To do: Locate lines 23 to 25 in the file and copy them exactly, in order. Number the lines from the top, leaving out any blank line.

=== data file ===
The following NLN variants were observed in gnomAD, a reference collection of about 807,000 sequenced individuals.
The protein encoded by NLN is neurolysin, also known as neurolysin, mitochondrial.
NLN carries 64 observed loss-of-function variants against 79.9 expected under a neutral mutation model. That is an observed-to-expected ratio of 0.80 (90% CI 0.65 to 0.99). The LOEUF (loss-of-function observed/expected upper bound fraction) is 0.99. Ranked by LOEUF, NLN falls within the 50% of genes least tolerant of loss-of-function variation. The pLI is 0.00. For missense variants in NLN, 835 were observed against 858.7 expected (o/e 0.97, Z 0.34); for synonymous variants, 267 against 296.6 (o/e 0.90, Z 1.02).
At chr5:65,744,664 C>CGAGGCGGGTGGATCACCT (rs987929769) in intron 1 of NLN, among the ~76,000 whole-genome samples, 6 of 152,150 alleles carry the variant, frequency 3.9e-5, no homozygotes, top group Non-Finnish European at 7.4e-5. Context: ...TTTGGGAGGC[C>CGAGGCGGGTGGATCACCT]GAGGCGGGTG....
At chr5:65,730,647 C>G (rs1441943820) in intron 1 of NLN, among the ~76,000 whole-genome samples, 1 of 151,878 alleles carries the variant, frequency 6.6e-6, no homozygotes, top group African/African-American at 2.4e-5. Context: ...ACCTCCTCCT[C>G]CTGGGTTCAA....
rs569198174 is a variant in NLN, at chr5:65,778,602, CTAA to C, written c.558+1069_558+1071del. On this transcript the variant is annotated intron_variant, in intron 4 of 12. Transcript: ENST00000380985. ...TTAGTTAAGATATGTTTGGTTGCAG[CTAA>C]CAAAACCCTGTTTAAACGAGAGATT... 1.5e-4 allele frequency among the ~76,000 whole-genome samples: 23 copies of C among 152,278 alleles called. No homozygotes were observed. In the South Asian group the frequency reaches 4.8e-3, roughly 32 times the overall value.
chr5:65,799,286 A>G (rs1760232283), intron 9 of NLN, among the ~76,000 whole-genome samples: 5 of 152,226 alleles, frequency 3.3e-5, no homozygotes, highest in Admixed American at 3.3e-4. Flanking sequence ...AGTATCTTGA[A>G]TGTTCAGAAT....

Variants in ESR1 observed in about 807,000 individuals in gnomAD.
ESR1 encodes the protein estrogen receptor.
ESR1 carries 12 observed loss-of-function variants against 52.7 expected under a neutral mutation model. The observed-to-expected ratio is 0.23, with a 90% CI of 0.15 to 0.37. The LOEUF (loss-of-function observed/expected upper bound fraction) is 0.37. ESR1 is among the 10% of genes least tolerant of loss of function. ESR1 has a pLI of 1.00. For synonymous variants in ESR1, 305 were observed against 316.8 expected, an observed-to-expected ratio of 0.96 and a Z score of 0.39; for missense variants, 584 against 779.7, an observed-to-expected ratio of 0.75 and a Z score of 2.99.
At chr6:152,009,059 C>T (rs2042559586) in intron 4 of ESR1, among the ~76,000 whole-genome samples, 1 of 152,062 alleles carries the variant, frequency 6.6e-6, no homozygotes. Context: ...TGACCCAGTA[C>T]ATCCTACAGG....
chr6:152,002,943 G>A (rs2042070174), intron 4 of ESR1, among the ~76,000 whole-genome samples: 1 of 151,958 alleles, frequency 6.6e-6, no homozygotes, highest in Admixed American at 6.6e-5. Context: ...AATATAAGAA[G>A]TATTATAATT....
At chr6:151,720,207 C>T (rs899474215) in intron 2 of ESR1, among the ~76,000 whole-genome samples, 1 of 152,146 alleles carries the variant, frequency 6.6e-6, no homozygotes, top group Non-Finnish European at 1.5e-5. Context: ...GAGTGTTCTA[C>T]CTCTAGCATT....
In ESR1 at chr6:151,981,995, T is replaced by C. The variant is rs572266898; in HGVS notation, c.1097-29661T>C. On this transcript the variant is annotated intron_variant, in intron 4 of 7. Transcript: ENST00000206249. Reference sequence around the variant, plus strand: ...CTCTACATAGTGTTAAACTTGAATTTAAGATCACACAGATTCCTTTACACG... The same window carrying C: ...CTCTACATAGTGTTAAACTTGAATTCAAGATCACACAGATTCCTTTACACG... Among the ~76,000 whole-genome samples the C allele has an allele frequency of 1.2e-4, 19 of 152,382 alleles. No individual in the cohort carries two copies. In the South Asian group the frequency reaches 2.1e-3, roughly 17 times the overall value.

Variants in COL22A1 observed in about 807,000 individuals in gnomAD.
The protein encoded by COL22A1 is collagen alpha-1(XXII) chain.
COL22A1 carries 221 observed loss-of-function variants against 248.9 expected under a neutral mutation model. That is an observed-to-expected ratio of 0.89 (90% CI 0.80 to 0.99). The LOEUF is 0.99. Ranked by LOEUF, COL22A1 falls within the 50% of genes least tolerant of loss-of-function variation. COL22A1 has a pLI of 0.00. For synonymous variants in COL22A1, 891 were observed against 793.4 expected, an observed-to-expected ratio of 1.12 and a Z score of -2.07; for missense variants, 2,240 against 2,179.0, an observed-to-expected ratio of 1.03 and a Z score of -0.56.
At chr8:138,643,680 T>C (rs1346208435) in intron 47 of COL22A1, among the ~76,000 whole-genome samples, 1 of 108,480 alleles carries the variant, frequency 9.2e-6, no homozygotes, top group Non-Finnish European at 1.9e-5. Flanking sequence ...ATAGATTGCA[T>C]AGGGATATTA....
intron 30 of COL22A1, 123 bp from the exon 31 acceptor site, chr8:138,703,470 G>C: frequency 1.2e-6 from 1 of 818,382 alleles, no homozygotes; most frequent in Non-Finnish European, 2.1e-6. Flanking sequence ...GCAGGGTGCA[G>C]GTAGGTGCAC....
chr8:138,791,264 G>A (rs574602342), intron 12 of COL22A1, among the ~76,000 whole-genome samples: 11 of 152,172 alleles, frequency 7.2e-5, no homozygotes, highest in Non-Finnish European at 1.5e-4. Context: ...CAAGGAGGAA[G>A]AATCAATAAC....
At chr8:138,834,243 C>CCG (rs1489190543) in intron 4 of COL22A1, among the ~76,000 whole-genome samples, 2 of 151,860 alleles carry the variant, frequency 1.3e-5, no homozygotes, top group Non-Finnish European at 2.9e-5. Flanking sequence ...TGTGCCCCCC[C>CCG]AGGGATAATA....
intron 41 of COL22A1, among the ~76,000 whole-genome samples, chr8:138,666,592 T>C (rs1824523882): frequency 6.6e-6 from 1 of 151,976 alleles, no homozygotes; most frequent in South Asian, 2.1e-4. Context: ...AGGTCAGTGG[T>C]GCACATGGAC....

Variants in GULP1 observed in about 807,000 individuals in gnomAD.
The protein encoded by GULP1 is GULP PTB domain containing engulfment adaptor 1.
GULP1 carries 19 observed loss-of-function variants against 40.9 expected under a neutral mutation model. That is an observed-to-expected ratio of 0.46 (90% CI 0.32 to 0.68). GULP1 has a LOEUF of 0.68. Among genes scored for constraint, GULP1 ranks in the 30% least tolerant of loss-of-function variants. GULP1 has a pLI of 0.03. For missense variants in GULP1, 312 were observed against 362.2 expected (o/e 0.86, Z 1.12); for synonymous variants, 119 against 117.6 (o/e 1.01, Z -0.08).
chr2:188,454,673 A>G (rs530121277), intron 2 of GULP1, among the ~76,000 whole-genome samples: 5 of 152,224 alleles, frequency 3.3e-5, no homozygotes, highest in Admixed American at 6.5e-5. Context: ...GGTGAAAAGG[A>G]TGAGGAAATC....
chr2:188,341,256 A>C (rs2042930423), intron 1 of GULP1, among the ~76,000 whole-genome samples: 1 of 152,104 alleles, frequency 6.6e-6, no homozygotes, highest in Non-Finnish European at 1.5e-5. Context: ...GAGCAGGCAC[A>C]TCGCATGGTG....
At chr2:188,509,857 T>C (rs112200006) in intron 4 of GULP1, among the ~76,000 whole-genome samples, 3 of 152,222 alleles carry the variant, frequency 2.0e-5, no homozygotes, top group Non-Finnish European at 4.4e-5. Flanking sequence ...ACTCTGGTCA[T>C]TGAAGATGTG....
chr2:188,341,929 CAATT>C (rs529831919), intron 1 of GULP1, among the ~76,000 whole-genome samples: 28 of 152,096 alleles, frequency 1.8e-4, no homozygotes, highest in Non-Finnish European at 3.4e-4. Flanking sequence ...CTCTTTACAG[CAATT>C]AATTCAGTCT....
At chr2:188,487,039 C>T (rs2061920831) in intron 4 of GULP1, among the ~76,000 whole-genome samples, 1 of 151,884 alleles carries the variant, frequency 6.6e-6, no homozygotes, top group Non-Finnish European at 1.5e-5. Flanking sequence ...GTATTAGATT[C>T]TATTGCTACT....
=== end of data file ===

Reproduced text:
Variants in GULP1 observed in about 807,000 individuals in gnomAD.
The protein encoded by GULP1 is GULP PTB domain containing engulfment adaptor 1.
GULP1 carries 19 observed loss-of-function variants against 40.9 expected under a neutral mutation model. That is an observed-to-expected ratio of 0.46 (90% CI 0.32 to 0.68). GULP1 has a LOEUF of 0.68. Among genes scored for constraint, GULP1 ranks in the 30% least tolerant of loss-of-function variants. GULP1 has a pLI of 0.03. For missense variants in GULP1, 312 were observed against 362.2 expected (o/e 0.86, Z 1.12); for synonymous variants, 119 against 117.6 (o/e 1.01, Z -0.08).